Omar Assad’s family says Israeli settlement claim is a lie

Man and woman sit on chairs on a paved area surrounded by trees in the evening

A family photograph shows Omar Assad, left, and his wife Nazmieh sharing a meal on the patio of their home in the occupied West Bank village of Jiljilya in 2019.

The family of a Palestinian American grandfather who was found dead after being abducted, bound, gagged and violently abused by Israeli soldiers in January are denying Israel’s claim that they reached a compensation deal.

In recent days, Israeli media reported assertions from Israel’s defense ministry that the state would pay the family of 78-year-old Omar Assad around $140,000 in compensation for his death.

In return, “the relevant parties agreed to dismiss the claim [regarding the death that was] submitted to the court against the state,” a defense ministry spokesperson told The Times of Israel last week.

But this is false, according to Stanley Cohen, the family’s lawyer.

“Once again, the Israeli government has issued a categorical lie about events on the ground in Palestine,” Cohen told The Electronic Intifada on Wednesday.

“As US counsel for the family of Omar Assad I can state they have rejected the offer announced by the Israeli military and media as a ‘settlement’ for the murder of a 78-year-old Palestinian American whose life was taken while doing nothing but going home at night in the West Bank,” Cohen added.

Cohen confirmed that the family has filed a complaint with the Israeli attorney general in order to ensure that the statute of limitations for any future legal action in Israel would not run out.

He added that the family is keeping all options open, including seeking a criminal prosecution in Israel and filing a civil lawsuit in the US.

They have also commissioned an independent forensic investigation into Assad’s death, Cohen said.

In April, Assad’s family asked the US Department of Justice to open its own investigation into the “murder of a US citizen,” Cohen said.

But so far the US government has not responded. The Electronic Intifada’s inquiries about the case to the Justice Department have gone unanswered.

Bound, gagged and left dead

Assad spent four decades raising his family and running small grocery businesses in Milwaukee and the Chicago area in the US.

About a decade ago he and his wife Nazmieh returned to his native village of Jiljilya, in the Israeli-occupied West Bank, to build a house and enjoy their retirement close to family.

In the early morning hours of 12 January, when Assad was returning home from a typical evening playing cards, talking and eating at a relative’s home, he was stopped by Israeli soldiers.

Assad – who underwent quadruple heart bypass surgery and lived with other health problems – was dragged from his car, bound, gagged and then marched to a construction site where other Palestinians were being detained.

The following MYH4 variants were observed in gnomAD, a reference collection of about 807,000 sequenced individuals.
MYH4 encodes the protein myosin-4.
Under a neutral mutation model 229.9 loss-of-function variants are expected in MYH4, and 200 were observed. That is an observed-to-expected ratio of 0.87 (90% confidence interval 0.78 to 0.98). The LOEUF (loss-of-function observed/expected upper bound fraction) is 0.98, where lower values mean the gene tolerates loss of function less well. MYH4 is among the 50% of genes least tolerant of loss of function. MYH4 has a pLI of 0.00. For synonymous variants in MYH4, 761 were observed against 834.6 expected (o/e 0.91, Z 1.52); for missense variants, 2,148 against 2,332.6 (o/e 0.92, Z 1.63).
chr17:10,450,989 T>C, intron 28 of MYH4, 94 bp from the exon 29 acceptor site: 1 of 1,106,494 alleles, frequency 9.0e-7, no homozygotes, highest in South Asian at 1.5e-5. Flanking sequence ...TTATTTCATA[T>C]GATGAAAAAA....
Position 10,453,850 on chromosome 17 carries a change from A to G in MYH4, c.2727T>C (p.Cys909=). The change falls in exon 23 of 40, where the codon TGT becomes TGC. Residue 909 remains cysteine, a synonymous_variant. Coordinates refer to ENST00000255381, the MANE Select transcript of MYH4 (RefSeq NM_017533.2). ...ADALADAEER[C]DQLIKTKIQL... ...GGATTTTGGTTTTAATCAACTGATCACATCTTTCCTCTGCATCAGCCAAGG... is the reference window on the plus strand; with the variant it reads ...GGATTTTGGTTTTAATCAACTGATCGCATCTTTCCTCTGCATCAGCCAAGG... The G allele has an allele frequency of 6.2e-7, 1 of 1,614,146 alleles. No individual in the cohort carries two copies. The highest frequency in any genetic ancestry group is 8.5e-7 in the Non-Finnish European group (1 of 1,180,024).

According to eyewitnesses, the father of seven and grandfather of 17 was left lying on the ground. At one point, one of the Israeli soldiers went over to check on him, after which the soldiers left almost immediately.

Other Palestinians then went to Assad’s aid and found he wasn’t breathing. Efforts to revive him failed.

“When the IDF [Israeli army] soldiers realized Omar Assad had died in their custody,” Cohen wrote to the Justice Department in April, they “hastily snuck away in the night.”

As The Washington Post reported, an autopsy found Assad died after “a stress-induced heart attack probably brought on by being bound and gagged and held in a cold construction site.”

The examination also “found evidence that Assad had been tightly bound and blindfolded, with abrasions on his wrists and bleeding on the insides of his eyelids.”

Lies and impunity

Israel initially lied about the encounter, falsely claiming that Assad had been briefly detained and then released.

The army then held a week-long internal investigation which resulted in disciplinary action, but no criminal charges, against three officers.

Israeli prosecutions of soldiers who injure or kill Palestinians are vanishingly rare. In effect, Palestinians are killed on a near-daily basis by Israeli forces with complete impunity.

When the victim is an American citizen, however, the case can attract more attention.

In February, the US State Department said it wanted to see a “criminal investigation” into Assad’s death.

But as with the case of Shireen Abu Akleh, the Palestinian American correspondent for Al Jazeera shot dead by an Israeli soldier in May, the US government has not matched its lip service with any actions that bring about real accountability.

Israel’s false claim that it reached a settlement with Assad’s family appears to be an effort to make an embarrassing matter go away.

The Biden administration has similarly treated the deaths of American citizens at Israel’s hands as little more than a public relations problem.

Like Abu Akleh’s relatives, Omar Assad’s family is refusing to let the killing of their loved one be swept under the rug – either by Tel Aviv or Washington.

“We will continue to fight in the effort to obtain justice for a US citizen murdered for the crime of being Palestinian,” Cohen, the family’s US lawyer, said.